Pros and Cons of Music Streaming


  • It’s more practical & more portable: music is now accessible anytime, and it doesn’t take up space on your hard drive.
  • Illegal downloads & piracy are avoided.
  • There is more choice.
  • Your music is always up to date, because of genre-specific chart playlists.
  • Creating favourite playlists is simple and quick.
  • It’s easy to discover new artists and genres.
  • You get suggestions for concerts and new releases.
  • Music is marketed using playlists, and newcomers and new releases are promoted more effectively.
  • Newcomers have a better chance of being discovered.
  • Hits may emerge through playlist management.

For example, the song “Waves”, by Mr Probz, has been downloaded more that 2.4 million times, and it is streamed more than a million times daily on Spotify. Same with Lorde, whose success is mostly due to Spotify. That’s because Spotify’s data team, which analyses current trends and reaches out to trending artists, realised her potential very early on, and promoted her work accordingly.


  • Intellectual property and use rights: compared with buying a CD or with downloading a song, you don’t actually own the music.
  • The right to digital reproduction is limited.
  • They represent more limited earnings for artists.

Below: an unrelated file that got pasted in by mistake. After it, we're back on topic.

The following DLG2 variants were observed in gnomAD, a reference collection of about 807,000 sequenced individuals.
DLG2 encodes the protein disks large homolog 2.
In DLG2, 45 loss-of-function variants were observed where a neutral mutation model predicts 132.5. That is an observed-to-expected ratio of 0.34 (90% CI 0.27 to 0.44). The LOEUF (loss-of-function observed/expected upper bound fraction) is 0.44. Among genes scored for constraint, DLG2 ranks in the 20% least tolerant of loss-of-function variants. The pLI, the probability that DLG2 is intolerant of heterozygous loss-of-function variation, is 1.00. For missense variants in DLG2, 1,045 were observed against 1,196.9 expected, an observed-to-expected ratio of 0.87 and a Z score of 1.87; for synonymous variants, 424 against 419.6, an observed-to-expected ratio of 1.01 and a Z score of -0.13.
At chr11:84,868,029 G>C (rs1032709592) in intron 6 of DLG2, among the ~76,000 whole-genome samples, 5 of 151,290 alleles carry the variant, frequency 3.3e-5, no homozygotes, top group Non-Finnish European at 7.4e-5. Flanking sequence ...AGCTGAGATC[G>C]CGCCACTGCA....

• They use ads.
  • They collect information on users.
  • There are potentially hidden subscription fees.

For example, Taylor Swift objects to the fact that Spotify offers its services for free, as it sends users the message that they don’t need to pay for music. However, a study by researchers Joel Waldfogel and Luis Aguiar shows that, though streaming portals don’t increase the revenues of artists, they don’t reduce them either. If earnings decrease – or even if they remain the same – this is, according to the study, to be blamed on record companies. More specifically, the problem lies with the deals made between artists and record labels, which determine what percentage of the earnings goes directly to musicians and intellectual property rights holders.

To sum up:

It doesn’t matter which music streaming portal you prefer – they all have a lot to offer for artists. It doesn’t matter if it’s mainstream, indie, or a newcomer. Anyone who wants to have access to their favourite music anytime, or easily discover new music, is very well served by Spotify, Napster, and Deezer. Anyone who wants to actually own the songs and dispose of them freely should still turn to legal downloads, or even to buying records. The fact remains that, due to the multitude of streaming offers, millions of music fans can listen to music legally again. Even if that doesn’t mean high earnings for the artists, they do benefit from premium accounts, ads, etc.

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